Translated by Rabbi Lazer Brody
King David in Psalm 92 tells us how wonderful it is to grab a musical instrument and to begin singing songs of praise to Hashem. In fact, all the blessings and verses of praise in our liturgy are designed to accustom us and remind us – in the darkness of our physical world – that our entire purpose on earth is to thank G-d, praise Him, sing to Him and glorify Him.
A person must sing to G-d, and even play music before Him if he can! Song brings enjoyment to every word of prayer, as does singing the blessings and verses of praise in a melody that encourages, inspires, and gladdens the heart. A person should also sing the Silent Prayer (Amida) to himself, since this enhances one’s intent and joy, which are ever so conducive to effective prayer. Rebbe Nachman says (Likutei Moharan, I:42) that by singing in prayer, all harsh judgments are mitigated:
'And He saw their sorrow when He heard their song’ (Psalms, 106). Behold, through playing music, the severe judgments are sweetened. As the holy Zohar writes (Pinchas, 215): ‘The rainbow is G-d's Divine Presence and the three colors of the rainbow are the (three) forefathers, and they are garments of G-d's Divine Presence. And when G-d's Divine Presence (the Shechinah) clothes herself in garments of light then “And I will see it to remember the eternal covenant” (Genesis, 9) and then “the anger of the King subsided” (The Scroll of Esther). This is like a king who became angry at his son, and when he saw the queen in garments of light he had mercy on his son.’
The letters of prayer are G-d's Divine Presence, as is written in Psalms 51, "G-d, open my lips." The faculty of speech parallels G-d's Name, A-donai, which is the Name of G-d in this verse. A-donai is called a bow, as Rashi explains Jacob's words in Genesis 58, "with my sword and my bow" as referring to his prayers. The sound of music is the three colors of the rainbow. The voice contains the elements of fire, water and wind, which parallel the three Forefathers. The three Forefathers are the three shades of light in the rainbow. G-d's promise to look at the rainbow and remember His eternal covenant not to destroy the world with water, "And I will see it to remember the eternal covenant," is actually an allusion to the merit of the Forefathers.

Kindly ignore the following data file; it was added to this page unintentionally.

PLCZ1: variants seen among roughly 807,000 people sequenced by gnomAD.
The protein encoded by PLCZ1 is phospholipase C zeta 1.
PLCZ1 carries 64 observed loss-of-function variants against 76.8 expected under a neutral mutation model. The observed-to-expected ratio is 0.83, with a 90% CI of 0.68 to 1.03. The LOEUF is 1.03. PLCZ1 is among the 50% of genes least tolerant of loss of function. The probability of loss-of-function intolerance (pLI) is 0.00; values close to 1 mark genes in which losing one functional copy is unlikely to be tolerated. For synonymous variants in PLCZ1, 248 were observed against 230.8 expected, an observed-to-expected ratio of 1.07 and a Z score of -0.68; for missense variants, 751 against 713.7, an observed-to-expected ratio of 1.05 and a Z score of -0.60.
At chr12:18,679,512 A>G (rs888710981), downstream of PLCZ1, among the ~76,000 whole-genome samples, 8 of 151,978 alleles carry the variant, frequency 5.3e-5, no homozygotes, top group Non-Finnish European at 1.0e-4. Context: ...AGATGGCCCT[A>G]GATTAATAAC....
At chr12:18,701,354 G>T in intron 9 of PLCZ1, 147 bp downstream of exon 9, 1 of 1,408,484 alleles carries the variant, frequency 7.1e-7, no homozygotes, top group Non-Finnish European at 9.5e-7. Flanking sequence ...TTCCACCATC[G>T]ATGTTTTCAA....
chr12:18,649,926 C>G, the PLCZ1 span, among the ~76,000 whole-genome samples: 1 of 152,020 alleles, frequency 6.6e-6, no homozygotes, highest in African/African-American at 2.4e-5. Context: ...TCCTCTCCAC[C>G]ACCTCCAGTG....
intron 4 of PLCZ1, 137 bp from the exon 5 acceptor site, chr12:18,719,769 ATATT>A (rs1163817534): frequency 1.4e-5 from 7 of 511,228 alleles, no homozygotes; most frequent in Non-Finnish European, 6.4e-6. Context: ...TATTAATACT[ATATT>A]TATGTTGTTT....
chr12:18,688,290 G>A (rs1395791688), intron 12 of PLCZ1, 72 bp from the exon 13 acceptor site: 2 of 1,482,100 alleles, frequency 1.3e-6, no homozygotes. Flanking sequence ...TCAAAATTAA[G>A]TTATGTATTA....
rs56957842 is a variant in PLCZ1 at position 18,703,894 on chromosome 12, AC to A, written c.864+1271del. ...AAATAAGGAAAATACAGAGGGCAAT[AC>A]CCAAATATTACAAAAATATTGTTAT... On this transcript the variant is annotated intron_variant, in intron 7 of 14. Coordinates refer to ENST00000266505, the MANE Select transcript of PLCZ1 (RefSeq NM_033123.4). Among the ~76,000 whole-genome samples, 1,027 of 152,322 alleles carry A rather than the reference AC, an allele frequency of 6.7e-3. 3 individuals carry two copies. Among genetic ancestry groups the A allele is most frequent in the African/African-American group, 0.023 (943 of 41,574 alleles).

A person who sings the letters of prayer in purity and clarity envelops G-d's Divine Presence - the letters - in garments of light. G-d sees the Divine Presence and his "anger subsides." This explains Rashi's commentary on the verse in Psalms 106 "when He heard their song." Rashi comments that G-d heard the song of Israel in the merit of our Forefathers. The song, which is the three shades of the rainbow, was sung with great clarity and purity, because the three colors of the rainbow are the Forefathers, as explained above. And they are the garments of G-d's Divine Presence. When the garments are alight with purity and clarity, this is called "the merit of the Forefathers." Then, "And I will see it to remember the eternal covenant" and then "And He decided not to punish them, in His great loving kindness" (Psalms 106), "And the wrath of the King dissipated" and the severe judgments are sweetened.
Music, especially prayer set to song, has phenomenal power in stimulating one’s heart to yearn for Hashem. Rebbe Nachman's disciple Rebbe Natan would travel in a closed carriage while devoting himself to Torah study and prayer on the way. Once, his student Rebbe Shimon accompanied him. Rebbe Natan began to recite the morning prayers heavily, as if he were depressed, and then gradually began humming a happy tune. His joy steadily increased until he reached a level of tremendous enthusiasm. He sang to Hashem with such irresistible sweetness that the non-Jewish villagers along the way stopped working and began to chase after the wagon, yearning to hear the wondrous melody emanating from within it.
When Rebbe Natan reached the Amida - the Silent Prayer - he was so immersed in a state of clinging to G-d that his students had to remove him from the wagon on their hands and stand him before the wall of the wayside inn so that he could pray.
As they continued their journey, Rebbe Shimon asked his rabbi what had happened. Why was he deep in negativity at the beginning of his prayers, and how was he able to strengthen himself and become so joyous and enthusiastic?
Rebbe Natan answered: "At the beginning of my prayers, feelings of negativity and terrible sadness engulfed me. Then I remembered what Rebbe Nachman said, that a person should revitalize himself with a song of joy – especially during prayer. So, I began to sing a joyous tune until I could say the rest of my prayers with tremendous joy."
The moment you feel down, start singing! If you can play an instrument, start playing a happy song. If not, listen to the music of a G-d-fearing individual, a menagen kasher, and you'll soon be dancing in joy too. Few things have the power that a pure sound of music has.